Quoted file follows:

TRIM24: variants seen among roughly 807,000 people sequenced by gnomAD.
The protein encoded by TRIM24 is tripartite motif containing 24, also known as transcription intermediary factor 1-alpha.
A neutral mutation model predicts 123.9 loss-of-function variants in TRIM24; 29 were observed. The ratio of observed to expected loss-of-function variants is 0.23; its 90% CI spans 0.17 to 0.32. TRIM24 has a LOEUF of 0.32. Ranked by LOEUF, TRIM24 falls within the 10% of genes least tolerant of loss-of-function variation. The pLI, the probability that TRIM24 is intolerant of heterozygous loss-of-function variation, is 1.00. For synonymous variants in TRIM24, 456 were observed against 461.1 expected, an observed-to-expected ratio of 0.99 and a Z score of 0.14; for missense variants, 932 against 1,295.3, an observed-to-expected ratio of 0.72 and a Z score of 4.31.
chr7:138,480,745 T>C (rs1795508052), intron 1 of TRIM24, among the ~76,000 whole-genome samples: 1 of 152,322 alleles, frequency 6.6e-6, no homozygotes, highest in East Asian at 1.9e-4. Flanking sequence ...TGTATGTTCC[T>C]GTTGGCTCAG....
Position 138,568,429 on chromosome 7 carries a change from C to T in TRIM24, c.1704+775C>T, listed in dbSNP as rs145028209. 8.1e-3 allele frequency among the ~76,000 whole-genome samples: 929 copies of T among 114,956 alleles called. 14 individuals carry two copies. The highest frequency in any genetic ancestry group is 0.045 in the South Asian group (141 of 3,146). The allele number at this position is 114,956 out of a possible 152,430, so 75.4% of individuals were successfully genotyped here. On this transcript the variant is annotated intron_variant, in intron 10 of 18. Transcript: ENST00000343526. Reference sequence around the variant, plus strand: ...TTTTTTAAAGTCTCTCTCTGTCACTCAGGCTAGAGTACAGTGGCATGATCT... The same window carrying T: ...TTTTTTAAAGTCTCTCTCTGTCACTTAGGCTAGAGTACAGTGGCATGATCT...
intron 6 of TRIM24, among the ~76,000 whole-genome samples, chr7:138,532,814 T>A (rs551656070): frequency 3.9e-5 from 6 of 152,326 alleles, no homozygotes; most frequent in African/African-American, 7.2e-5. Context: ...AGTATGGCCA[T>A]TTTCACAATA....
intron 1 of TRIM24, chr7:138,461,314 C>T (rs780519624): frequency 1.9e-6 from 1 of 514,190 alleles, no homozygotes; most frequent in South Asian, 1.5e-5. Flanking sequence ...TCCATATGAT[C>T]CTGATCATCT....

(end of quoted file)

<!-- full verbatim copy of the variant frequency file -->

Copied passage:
TRIM24: variants seen among roughly 807,000 people sequenced by gnomAD.
The protein encoded by TRIM24 is tripartite motif containing 24, also known as transcription intermediary factor 1-alpha.
A neutral mutation model predicts 123.9 loss-of-function variants in TRIM24; 29 were observed. The ratio of observed to expected loss-of-function variants is 0.23; its 90% CI spans 0.17 to 0.32. TRIM24 has a LOEUF of 0.32. Ranked by LOEUF, TRIM24 falls within the 10% of genes least tolerant of loss-of-function variation. The pLI, the probability that TRIM24 is intolerant of heterozygous loss-of-function variation, is 1.00. For synonymous variants in TRIM24, 456 were observed against 461.1 expected, an observed-to-expected ratio of 0.99 and a Z score of 0.14; for missense variants, 932 against 1,295.3, an observed-to-expected ratio of 0.72 and a Z score of 4.31.
chr7:138,480,745 T>C (rs1795508052), intron 1 of TRIM24, among the ~76,000 whole-genome samples: 1 of 152,322 alleles, frequency 6.6e-6, no homozygotes, highest in East Asian at 1.9e-4. Flanking sequence ...TGTATGTTCC[T>C]GTTGGCTCAG....
Position 138,568,429 on chromosome 7 carries a change from C to T in TRIM24, c.1704+775C>T, listed in dbSNP as rs145028209. 8.1e-3 allele frequency among the ~76,000 whole-genome samples: 929 copies of T among 114,956 alleles called. 14 individuals carry two copies. The highest frequency in any genetic ancestry group is 0.045 in the South Asian group (141 of 3,146). The allele number at this position is 114,956 out of a possible 152,430, so 75.4% of individuals were successfully genotyped here. On this transcript the variant is annotated intron_variant, in intron 10 of 18. Transcript: ENST00000343526. Reference sequence around the variant, plus strand: ...TTTTTTAAAGTCTCTCTCTGTCACTCAGGCTAGAGTACAGTGGCATGATCT... The same window carrying T: ...TTTTTTAAAGTCTCTCTCTGTCACTTAGGCTAGAGTACAGTGGCATGATCT...
intron 6 of TRIM24, among the ~76,000 whole-genome samples, chr7:138,532,814 T>A (rs551656070): frequency 3.9e-5 from 6 of 152,326 alleles, no homozygotes; most frequent in African/African-American, 7.2e-5. Context: ...AGTATGGCCA[T>A]TTTCACAATA....
intron 1 of TRIM24, chr7:138,461,314 C>T (rs780519624): frequency 1.9e-6 from 1 of 514,190 alleles, no homozygotes; most frequent in South Asian, 1.5e-5. Flanking sequence ...TCCATATGAT[C>T]CTGATCATCT....